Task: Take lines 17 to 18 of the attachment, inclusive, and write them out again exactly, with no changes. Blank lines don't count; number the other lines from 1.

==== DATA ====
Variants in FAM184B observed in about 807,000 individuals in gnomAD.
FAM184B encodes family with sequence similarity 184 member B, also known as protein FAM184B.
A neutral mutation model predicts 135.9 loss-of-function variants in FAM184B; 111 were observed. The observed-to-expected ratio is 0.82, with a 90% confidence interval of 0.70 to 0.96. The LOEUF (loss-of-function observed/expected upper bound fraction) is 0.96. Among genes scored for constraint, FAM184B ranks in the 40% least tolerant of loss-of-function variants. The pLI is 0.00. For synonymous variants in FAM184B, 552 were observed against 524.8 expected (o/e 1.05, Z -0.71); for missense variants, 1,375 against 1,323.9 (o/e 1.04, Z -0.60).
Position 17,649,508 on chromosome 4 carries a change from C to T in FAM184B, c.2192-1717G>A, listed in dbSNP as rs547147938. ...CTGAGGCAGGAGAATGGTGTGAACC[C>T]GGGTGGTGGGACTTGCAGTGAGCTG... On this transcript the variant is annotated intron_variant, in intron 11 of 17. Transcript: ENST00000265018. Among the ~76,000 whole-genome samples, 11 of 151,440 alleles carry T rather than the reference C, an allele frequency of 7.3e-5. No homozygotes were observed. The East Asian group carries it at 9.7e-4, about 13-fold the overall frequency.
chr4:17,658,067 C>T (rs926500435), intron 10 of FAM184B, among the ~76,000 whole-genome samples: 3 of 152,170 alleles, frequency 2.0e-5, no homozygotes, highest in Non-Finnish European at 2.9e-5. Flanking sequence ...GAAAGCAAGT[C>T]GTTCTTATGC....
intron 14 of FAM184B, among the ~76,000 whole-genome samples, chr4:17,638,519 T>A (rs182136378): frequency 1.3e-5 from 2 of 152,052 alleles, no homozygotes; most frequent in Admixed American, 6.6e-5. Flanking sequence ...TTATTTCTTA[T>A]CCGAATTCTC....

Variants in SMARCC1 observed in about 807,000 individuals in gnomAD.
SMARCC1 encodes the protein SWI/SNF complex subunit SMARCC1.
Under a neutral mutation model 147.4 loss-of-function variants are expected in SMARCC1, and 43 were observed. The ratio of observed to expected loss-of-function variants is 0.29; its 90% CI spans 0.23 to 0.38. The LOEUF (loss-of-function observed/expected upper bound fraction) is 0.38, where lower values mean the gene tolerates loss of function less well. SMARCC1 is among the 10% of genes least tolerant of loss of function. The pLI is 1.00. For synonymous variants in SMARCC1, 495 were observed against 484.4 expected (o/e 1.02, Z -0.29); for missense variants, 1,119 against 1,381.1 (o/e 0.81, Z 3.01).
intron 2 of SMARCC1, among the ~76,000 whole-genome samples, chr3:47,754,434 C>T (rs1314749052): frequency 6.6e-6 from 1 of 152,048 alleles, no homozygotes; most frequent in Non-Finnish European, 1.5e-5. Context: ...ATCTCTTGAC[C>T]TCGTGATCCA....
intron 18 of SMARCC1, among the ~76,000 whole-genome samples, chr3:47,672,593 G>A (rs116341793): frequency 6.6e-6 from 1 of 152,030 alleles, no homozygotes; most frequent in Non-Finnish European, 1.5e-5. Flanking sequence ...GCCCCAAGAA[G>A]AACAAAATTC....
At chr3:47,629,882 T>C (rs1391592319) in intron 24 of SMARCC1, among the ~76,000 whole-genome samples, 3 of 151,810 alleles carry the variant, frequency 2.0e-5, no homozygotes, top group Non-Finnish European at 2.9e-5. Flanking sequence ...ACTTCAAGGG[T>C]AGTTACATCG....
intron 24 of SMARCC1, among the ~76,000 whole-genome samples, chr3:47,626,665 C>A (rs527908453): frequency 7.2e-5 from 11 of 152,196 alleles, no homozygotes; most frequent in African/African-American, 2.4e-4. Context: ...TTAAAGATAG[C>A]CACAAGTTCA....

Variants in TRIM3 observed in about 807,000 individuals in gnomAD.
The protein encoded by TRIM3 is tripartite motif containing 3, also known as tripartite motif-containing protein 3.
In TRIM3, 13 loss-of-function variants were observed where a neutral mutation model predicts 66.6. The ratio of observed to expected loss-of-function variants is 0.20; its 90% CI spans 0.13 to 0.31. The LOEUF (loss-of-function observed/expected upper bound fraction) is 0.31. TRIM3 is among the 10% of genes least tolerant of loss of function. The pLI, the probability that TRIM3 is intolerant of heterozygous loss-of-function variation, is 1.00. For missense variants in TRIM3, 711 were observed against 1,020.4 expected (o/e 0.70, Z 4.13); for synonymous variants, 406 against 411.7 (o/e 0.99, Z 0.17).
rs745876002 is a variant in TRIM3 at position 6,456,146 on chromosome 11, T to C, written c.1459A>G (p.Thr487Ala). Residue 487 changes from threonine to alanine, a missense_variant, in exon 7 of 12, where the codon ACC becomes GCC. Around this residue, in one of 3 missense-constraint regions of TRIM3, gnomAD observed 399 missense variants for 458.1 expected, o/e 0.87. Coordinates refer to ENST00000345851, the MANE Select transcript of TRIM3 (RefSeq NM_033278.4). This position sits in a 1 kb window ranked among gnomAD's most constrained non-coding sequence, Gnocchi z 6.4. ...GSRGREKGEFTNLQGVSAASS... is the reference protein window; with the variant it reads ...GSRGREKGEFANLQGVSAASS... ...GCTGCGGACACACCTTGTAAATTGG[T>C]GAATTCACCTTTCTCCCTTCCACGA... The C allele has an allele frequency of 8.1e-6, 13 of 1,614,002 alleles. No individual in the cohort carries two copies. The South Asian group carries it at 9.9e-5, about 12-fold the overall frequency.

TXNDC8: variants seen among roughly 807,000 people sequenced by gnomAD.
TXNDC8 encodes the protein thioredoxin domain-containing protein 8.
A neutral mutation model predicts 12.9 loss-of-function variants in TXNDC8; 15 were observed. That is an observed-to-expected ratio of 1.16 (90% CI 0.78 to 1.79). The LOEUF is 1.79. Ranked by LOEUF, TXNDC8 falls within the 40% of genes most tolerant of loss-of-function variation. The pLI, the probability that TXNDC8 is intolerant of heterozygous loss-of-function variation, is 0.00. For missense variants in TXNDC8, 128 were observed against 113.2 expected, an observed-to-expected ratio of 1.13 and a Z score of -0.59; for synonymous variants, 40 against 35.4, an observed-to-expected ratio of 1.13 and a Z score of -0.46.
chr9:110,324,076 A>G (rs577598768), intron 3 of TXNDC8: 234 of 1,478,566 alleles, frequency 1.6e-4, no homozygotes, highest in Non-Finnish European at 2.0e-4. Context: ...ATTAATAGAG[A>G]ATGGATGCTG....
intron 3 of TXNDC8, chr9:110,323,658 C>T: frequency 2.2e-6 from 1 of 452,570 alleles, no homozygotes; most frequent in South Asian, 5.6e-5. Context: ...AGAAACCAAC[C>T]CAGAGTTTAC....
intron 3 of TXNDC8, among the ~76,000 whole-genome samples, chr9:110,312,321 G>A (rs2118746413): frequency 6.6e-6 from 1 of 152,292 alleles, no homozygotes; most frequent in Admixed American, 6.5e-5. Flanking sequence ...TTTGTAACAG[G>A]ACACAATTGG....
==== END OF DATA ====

rs745876002 is a variant in TRIM3 at position 6,456,146 on chromosome 11, T to C, written c.1459A>G (p.Thr487Ala). Residue 487 changes from threonine to alanine, a missense_variant, in exon 7 of 12, where the codon ACC becomes GCC. Around this residue, in one of 3 missense-constraint regions of TRIM3, gnomAD observed 399 missense variants for 458.1 expected, o/e 0.87. Coordinates refer to ENST00000345851, the MANE Select transcript of TRIM3 (RefSeq NM_033278.4). This position sits in a 1 kb window ranked among gnomAD's most constrained non-coding sequence, Gnocchi z 6.4. ...GSRGREKGEFTNLQGVSAASS... is the reference protein window; with the variant it reads ...GSRGREKGEFANLQGVSAASS... ...GCTGCGGACACACCTTGTAAATTGG[T>C]GAATTCACCTTTCTCCCTTCCACGA... The C allele has an allele frequency of 8.1e-6, 13 of 1,614,002 alleles. No individual in the cohort carries two copies. The South Asian group carries it at 9.9e-5, about 12-fold the overall frequency.

TXNDC8: variants seen among roughly 807,000 people sequenced by gnomAD.